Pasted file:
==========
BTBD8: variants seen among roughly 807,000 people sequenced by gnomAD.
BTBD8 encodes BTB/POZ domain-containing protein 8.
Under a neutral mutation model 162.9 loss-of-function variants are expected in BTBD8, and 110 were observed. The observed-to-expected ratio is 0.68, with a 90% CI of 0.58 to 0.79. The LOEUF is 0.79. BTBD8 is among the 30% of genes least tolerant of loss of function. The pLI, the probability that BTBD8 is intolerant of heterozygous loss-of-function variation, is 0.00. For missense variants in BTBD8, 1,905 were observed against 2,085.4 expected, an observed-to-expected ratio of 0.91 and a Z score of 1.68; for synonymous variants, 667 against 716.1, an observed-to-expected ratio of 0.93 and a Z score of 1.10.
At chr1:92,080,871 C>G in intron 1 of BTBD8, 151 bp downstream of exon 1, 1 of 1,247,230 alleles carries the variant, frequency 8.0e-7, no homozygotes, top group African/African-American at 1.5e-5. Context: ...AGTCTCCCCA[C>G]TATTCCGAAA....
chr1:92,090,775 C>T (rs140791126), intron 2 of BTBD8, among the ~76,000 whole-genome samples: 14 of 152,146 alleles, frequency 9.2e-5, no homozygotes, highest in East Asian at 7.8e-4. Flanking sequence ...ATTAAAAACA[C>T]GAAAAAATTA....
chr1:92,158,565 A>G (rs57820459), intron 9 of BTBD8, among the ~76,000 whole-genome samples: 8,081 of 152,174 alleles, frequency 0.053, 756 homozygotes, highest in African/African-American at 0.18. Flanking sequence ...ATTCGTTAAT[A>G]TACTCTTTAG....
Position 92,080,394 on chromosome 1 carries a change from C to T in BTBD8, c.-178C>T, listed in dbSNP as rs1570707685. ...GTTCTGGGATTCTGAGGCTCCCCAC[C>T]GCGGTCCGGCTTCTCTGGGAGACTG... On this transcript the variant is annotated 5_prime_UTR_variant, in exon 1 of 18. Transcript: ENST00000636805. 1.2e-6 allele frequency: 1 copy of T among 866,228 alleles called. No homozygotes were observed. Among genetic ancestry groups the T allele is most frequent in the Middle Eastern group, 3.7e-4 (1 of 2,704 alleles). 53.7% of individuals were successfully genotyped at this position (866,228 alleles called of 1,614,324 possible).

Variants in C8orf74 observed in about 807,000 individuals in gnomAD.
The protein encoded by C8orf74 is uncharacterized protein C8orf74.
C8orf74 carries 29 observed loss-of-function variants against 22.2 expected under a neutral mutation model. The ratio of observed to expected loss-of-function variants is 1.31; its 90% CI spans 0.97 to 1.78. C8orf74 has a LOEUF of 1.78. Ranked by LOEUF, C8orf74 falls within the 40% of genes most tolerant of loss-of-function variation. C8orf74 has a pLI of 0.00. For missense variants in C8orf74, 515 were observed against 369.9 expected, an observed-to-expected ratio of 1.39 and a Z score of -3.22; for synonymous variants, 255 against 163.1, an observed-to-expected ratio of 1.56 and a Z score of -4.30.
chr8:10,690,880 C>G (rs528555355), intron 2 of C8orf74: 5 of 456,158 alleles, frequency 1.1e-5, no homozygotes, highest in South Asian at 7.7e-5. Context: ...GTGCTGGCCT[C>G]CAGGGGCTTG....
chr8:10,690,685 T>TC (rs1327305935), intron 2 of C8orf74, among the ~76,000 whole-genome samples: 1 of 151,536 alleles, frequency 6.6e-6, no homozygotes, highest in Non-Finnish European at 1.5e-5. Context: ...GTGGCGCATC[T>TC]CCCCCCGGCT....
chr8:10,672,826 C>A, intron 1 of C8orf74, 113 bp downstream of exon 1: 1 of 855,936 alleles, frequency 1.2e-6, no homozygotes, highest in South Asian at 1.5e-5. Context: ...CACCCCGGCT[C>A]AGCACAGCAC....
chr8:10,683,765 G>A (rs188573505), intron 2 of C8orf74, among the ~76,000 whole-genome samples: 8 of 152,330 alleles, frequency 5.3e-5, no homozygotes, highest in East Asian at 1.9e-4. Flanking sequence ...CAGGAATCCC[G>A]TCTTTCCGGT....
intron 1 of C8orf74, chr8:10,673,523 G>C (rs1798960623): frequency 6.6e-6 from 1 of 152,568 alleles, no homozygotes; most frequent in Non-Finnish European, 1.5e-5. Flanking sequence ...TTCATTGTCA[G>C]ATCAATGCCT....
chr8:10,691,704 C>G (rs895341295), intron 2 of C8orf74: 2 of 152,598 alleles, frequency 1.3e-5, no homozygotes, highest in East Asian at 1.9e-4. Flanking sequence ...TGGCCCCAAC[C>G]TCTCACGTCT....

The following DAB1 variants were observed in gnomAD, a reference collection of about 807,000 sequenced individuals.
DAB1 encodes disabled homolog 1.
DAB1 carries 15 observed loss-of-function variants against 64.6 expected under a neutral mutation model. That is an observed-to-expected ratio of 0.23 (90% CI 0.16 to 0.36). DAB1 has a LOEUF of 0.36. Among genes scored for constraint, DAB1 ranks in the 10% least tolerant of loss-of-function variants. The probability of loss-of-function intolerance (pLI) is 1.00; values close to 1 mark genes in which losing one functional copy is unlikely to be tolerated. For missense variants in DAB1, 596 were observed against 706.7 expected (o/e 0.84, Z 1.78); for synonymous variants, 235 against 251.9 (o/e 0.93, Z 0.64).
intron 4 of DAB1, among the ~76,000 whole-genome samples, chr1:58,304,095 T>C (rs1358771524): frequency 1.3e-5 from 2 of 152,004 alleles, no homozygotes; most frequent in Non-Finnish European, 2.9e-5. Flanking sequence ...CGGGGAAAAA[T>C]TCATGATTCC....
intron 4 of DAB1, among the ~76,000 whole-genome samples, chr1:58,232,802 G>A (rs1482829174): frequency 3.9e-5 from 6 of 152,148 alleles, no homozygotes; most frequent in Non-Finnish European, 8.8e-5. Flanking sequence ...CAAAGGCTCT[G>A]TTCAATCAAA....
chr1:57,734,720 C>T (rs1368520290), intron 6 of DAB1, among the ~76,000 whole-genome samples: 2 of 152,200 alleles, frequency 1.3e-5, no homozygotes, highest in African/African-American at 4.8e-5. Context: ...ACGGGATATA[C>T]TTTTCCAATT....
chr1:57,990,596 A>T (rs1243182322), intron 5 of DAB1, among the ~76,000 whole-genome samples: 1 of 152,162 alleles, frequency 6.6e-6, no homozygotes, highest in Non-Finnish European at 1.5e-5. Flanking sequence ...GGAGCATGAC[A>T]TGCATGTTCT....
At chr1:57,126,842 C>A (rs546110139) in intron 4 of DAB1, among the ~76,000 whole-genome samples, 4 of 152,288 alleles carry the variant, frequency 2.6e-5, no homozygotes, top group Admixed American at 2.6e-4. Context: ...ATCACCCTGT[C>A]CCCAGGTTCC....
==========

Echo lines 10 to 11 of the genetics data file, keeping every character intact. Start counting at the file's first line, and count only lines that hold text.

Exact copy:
C8orf74 carries 29 observed loss-of-function variants against 22.2 expected under a neutral mutation model. The ratio of observed to expected loss-of-function variants is 1.31; its 90% CI spans 0.97 to 1.78. C8orf74 has a LOEUF of 1.78. Ranked by LOEUF, C8orf74 falls within the 40% of genes most tolerant of loss-of-function variation. C8orf74 has a pLI of 0.00. For missense variants in C8orf74, 515 were observed against 369.9 expected, an observed-to-expected ratio of 1.39 and a Z score of -3.22; for synonymous variants, 255 against 163.1, an observed-to-expected ratio of 1.56 and a Z score of -4.30.
chr8:10,690,880 C>G (rs528555355), intron 2 of C8orf74: 5 of 456,158 alleles, frequency 1.1e-5, no homozygotes, highest in South Asian at 7.7e-5. Context: ...GTGCTGGCCT[C>G]CAGGGGCTTG....